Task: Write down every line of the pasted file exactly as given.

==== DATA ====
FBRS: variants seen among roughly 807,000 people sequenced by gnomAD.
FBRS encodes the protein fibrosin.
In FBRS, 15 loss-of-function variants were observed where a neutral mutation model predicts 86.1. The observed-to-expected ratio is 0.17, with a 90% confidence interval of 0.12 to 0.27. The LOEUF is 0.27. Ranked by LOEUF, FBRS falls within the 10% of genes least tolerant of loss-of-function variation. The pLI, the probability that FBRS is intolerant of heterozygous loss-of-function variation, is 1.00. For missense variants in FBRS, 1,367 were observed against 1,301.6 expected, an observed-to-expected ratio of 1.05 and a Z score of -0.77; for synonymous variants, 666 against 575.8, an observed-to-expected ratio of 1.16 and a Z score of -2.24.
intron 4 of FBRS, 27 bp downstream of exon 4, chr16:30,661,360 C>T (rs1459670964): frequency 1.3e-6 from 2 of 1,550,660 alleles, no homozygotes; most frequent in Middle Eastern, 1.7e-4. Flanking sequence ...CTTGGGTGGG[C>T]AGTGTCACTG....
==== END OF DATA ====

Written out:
FBRS: variants seen among roughly 807,000 people sequenced by gnomAD.
FBRS encodes the protein fibrosin.
In FBRS, 15 loss-of-function variants were observed where a neutral mutation model predicts 86.1. The observed-to-expected ratio is 0.17, with a 90% confidence interval of 0.12 to 0.27. The LOEUF is 0.27. Ranked by LOEUF, FBRS falls within the 10% of genes least tolerant of loss-of-function variation. The pLI, the probability that FBRS is intolerant of heterozygous loss-of-function variation, is 1.00. For missense variants in FBRS, 1,367 were observed against 1,301.6 expected, an observed-to-expected ratio of 1.05 and a Z score of -0.77; for synonymous variants, 666 against 575.8, an observed-to-expected ratio of 1.16 and a Z score of -2.24.
intron 4 of FBRS, 27 bp downstream of exon 4, chr16:30,661,360 C>T (rs1459670964): frequency 1.3e-6 from 2 of 1,550,660 alleles, no homozygotes; most frequent in Middle Eastern, 1.7e-4. Flanking sequence ...CTTGGGTGGG[C>T]AGTGTCACTG....